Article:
Replacing Auckland's enormous, troubled port with parks and cafes? You may call me a dreamer, but I'm not the only one ... Susan Edmunds reports.
Auckland waterfront's long, spiky red fence, cutting off its residents from the workings of the port, is one of my earliest memories. I remember my father taking me to watch the port in operation at night - cranes loading containers into piles and people on forklifts buzzing around industriously.
It always seemed enormous, particularly the light towers that provided an other-worldly, orange glow and made being out at night feel extra special.
As I look through that same red fence this week, the port somewhat quieter because of the ongoing labour dispute, it seems not much has changed.
The lights are still there, as is the machinery and piles upon piles of containers. But around me, the city has changed. And if some of its leaders get their way, the port will follow suit.
There was fury last month when it was revealed that the draft Auckland plan - a hefty document bringing together the plans of all the city's previous councils under the new Super City - included plans for the port to increase markedly in size and capacity, from 77ha to 95ha.
The area being eyed for expansion is 50 per cent bigger than the Auckland Domain and stretches into the harbour.
Outraged, some groups hit back by questioning whether there needs to be a port in downtown Auckland at all. Some suggest it be moved to the Firth of Thames on the eastern fringe of the city, as London has done with Thurrock, 45km east of the CBD.
Others say the Government should beef up the Port of Tauranga, where there is more space, or even move the shipping to Whangarei where there is a deep-water port ready to handle the bigger boats.
Instead of rows of imported cars parked behind barrier arms, and empty shipping containers stacked seven-high on the wharf, they envisage an open park area, not just on Captain Cook wharf - where there are already plans for a public area - but right along the space behind the spiky red fence.
They see a place where people can picnic, office workers can walk on their lunch breaks and inner-city dwellers can take their children. Instead of the gym-goers at Les Mills behind me running on treadmills and staring out at the port's cranes, they could be running next to the sea.
Alex Swney, chief executive of downtown business group Heart of the City, says it would be a big boost for tourism.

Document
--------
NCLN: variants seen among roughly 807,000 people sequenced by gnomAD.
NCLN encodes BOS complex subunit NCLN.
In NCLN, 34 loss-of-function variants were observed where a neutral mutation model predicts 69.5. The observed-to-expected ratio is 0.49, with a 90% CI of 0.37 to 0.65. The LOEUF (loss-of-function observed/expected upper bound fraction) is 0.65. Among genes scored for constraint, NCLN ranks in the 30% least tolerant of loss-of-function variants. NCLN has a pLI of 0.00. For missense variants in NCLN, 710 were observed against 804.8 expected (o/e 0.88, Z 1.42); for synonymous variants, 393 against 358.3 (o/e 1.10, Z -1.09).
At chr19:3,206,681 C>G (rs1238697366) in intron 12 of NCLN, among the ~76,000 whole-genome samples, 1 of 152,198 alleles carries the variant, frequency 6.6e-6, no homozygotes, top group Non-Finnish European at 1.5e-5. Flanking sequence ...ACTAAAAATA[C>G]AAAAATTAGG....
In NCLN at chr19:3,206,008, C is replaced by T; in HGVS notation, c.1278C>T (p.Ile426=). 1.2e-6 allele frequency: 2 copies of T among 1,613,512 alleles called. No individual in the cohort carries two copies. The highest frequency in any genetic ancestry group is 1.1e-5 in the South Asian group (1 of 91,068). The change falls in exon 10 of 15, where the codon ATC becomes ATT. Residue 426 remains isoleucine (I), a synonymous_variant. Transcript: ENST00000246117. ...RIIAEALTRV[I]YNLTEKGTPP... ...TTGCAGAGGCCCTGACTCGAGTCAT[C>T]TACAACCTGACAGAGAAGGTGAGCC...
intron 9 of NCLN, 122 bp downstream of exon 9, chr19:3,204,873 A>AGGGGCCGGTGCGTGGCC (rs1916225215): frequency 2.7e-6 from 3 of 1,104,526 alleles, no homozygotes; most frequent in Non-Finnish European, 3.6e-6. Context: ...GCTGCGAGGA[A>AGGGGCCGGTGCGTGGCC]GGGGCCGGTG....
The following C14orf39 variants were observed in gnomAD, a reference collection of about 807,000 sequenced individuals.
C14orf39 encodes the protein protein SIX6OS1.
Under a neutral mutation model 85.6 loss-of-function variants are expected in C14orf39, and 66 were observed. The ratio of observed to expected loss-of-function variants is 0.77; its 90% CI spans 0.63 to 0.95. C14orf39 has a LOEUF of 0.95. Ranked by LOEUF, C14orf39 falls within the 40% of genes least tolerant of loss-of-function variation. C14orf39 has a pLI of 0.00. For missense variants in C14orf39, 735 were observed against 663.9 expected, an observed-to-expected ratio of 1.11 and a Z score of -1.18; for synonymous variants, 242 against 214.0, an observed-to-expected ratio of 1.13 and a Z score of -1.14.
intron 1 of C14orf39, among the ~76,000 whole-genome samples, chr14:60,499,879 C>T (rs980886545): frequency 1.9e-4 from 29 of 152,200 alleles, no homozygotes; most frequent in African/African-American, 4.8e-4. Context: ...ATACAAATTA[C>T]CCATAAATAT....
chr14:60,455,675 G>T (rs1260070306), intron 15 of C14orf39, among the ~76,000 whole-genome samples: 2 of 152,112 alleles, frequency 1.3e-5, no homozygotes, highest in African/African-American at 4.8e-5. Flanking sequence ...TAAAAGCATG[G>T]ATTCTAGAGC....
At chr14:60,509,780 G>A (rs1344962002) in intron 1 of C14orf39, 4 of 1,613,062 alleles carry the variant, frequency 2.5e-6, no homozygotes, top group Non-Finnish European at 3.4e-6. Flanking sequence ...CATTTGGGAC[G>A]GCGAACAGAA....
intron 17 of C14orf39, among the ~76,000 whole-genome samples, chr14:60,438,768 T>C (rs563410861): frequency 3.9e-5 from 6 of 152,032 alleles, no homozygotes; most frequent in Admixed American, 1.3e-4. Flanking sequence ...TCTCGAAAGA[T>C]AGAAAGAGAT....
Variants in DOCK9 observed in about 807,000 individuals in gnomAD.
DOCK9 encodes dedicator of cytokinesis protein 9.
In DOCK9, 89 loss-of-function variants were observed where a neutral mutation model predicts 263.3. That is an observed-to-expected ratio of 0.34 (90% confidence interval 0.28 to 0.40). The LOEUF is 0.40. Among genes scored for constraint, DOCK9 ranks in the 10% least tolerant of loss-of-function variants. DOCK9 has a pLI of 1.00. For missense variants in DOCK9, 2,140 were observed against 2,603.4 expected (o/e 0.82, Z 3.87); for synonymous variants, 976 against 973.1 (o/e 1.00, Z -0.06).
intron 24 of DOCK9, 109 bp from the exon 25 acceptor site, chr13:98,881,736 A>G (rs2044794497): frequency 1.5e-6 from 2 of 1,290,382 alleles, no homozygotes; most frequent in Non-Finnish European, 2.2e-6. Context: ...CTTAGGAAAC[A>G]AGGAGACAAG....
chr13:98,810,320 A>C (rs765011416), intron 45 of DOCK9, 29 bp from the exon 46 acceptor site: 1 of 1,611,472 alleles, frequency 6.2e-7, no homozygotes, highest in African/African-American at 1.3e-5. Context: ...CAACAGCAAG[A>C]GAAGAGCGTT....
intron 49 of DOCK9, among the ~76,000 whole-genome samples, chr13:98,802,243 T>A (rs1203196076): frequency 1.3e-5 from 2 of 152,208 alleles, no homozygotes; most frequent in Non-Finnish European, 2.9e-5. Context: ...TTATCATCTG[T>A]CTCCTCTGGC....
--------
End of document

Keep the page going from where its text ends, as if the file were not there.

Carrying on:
Auckland's unique selling point is its harbour but, for visitors without the time or resources to venture beyond the inner city, it's surprisingly hard to get to.
At present, international tourists stay in Auckland an average of two nights - the day they arrive and the day they leave.
Swney says increasing that to three would mean a boost of $1 billion a year for the city's economy.
It's obvious the harbour is a magnet for Aucklanders and tourists alike. "The Rugby World Cup was a real eye-opener," says Swney. "They all wanted to be down on the waterfront. If we've got a story to tell anywhere, it's down on the waterfront."
MARTYN EVANS, an urban designer and architect who was involved with the construction of the port city of Ashdod in Israel, says there's a real push by Aucklanders to get on to the waterfront and allowing it would turn the City of Sails into one of the most beautiful cities in the Southern Hemisphere.
"The new part of Wynyard Quarter has been opened up with public areas and a children's area and it has been packed ever since. It's like a pressure valve has been released. It should have happened ages ago."
He says, with the way the city is laid out, there's no choice but for the port to move. Hardly any major cities still have a port in their centres any more. "It's an industrial area right in the centre of the city. All industrial areas need to expand and there's no area except across the harbour."
Swney says moving the port could go at least some way towards paying for itself. The sale of the waterfront land - which could be worth up to $15,000 per sq m if it were zoned for a top-of-the-line hotel - would return a large sum.